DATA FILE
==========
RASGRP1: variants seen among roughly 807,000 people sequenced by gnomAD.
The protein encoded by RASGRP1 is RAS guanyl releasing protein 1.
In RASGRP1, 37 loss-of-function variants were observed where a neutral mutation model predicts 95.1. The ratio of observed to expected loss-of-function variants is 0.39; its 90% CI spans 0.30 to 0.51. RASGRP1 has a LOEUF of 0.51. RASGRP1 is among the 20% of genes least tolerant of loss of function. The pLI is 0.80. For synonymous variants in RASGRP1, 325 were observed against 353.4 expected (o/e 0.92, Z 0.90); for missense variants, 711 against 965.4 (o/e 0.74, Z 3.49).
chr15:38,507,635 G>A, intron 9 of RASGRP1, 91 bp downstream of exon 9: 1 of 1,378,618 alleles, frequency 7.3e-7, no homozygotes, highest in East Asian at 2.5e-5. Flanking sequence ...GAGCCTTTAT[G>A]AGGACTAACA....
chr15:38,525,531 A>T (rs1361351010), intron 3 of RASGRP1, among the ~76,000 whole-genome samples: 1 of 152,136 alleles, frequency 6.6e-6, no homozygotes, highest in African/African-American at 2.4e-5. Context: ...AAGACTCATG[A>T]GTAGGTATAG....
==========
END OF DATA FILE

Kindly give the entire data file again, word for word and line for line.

RASGRP1: variants seen among roughly 807,000 people sequenced by gnomAD.
The protein encoded by RASGRP1 is RAS guanyl releasing protein 1.
In RASGRP1, 37 loss-of-function variants were observed where a neutral mutation model predicts 95.1. The ratio of observed to expected loss-of-function variants is 0.39; its 90% CI spans 0.30 to 0.51. RASGRP1 has a LOEUF of 0.51. RASGRP1 is among the 20% of genes least tolerant of loss of function. The pLI is 0.80. For synonymous variants in RASGRP1, 325 were observed against 353.4 expected (o/e 0.92, Z 0.90); for missense variants, 711 against 965.4 (o/e 0.74, Z 3.49).
chr15:38,507,635 G>A, intron 9 of RASGRP1, 91 bp downstream of exon 9: 1 of 1,378,618 alleles, frequency 7.3e-7, no homozygotes, highest in East Asian at 2.5e-5. Flanking sequence ...GAGCCTTTAT[G>A]AGGACTAACA....
chr15:38,525,531 A>T (rs1361351010), intron 3 of RASGRP1, among the ~76,000 whole-genome samples: 1 of 152,136 alleles, frequency 6.6e-6, no homozygotes, highest in African/African-American at 2.4e-5. Context: ...AAGACTCATG[A>T]GTAGGTATAG....